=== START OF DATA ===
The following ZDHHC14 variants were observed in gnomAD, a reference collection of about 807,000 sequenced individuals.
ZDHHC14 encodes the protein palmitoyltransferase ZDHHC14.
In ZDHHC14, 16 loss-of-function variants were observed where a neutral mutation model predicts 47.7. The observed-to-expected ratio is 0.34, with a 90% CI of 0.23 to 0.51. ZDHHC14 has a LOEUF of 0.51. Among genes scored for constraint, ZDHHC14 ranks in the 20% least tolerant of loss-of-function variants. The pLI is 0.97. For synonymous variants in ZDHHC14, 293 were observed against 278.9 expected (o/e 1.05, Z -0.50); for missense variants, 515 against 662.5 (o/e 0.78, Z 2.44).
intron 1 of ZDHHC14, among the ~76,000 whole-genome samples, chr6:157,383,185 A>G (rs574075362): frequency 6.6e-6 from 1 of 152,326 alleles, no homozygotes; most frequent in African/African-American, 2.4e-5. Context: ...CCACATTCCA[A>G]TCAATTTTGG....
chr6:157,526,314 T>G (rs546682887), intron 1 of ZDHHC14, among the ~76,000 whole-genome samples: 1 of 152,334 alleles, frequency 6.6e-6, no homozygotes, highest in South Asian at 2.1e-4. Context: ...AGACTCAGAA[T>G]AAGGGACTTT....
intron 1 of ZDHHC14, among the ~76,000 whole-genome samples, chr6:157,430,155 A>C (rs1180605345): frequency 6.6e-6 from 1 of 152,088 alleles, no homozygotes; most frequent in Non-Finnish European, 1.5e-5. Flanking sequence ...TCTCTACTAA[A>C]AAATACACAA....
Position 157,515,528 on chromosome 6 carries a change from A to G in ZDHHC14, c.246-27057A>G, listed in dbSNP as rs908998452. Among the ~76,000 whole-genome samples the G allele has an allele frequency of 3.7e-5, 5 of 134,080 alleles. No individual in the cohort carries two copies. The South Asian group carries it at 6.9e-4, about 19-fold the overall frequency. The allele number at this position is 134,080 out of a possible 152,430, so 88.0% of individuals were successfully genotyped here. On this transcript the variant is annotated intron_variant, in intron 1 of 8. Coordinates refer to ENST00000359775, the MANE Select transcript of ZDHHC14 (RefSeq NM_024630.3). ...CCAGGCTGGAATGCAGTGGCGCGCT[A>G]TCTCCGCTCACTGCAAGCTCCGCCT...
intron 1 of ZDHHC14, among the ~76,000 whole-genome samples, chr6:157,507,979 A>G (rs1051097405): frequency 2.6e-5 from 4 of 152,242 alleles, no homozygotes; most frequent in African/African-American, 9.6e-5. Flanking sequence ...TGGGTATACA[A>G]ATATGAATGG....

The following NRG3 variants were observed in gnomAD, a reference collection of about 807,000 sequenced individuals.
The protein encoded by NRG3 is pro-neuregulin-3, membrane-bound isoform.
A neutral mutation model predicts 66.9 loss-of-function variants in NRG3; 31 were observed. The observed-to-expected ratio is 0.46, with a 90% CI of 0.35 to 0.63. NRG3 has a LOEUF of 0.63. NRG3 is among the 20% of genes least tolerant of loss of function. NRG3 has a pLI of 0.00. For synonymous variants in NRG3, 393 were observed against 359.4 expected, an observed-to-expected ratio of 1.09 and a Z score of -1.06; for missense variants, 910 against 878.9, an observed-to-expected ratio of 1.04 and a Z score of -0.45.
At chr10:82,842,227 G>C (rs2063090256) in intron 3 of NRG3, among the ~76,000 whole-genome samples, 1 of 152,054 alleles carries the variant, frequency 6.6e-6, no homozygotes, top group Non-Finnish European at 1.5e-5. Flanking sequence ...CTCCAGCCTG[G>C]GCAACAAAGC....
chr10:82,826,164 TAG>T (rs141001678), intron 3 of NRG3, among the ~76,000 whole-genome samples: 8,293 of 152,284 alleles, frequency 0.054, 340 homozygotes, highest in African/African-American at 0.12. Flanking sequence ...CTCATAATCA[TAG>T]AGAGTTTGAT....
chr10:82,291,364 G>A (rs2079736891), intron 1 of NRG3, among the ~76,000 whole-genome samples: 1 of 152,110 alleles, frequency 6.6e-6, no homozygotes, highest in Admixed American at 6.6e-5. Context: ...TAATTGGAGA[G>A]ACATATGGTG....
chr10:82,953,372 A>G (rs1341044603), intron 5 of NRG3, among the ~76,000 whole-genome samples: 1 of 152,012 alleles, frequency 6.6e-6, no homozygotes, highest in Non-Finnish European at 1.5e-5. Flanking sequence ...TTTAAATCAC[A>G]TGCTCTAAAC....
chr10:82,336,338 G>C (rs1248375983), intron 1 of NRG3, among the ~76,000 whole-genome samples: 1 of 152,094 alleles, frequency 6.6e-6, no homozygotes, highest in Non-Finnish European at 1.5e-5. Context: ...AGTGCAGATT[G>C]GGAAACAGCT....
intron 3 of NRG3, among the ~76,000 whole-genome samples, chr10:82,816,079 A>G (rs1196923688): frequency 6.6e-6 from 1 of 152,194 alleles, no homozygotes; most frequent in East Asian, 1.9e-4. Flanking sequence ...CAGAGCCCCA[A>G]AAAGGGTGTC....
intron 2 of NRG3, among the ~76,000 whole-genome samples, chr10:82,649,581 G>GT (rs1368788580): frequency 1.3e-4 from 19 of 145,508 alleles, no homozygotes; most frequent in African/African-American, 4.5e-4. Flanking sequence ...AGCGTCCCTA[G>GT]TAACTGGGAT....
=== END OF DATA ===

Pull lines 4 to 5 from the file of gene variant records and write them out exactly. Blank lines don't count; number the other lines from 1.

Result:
intron 1 of ZDHHC14, among the ~76,000 whole-genome samples, chr6:157,383,185 A>G (rs574075362): frequency 6.6e-6 from 1 of 152,326 alleles, no homozygotes; most frequent in African/African-American, 2.4e-5. Context: ...CCACATTCCA[A>G]TCAATTTTGG....
chr6:157,526,314 T>G (rs546682887), intron 1 of ZDHHC14, among the ~76,000 whole-genome samples: 1 of 152,334 alleles, frequency 6.6e-6, no homozygotes, highest in South Asian at 2.1e-4. Context: ...AGACTCAGAA[T>G]AAGGGACTTT....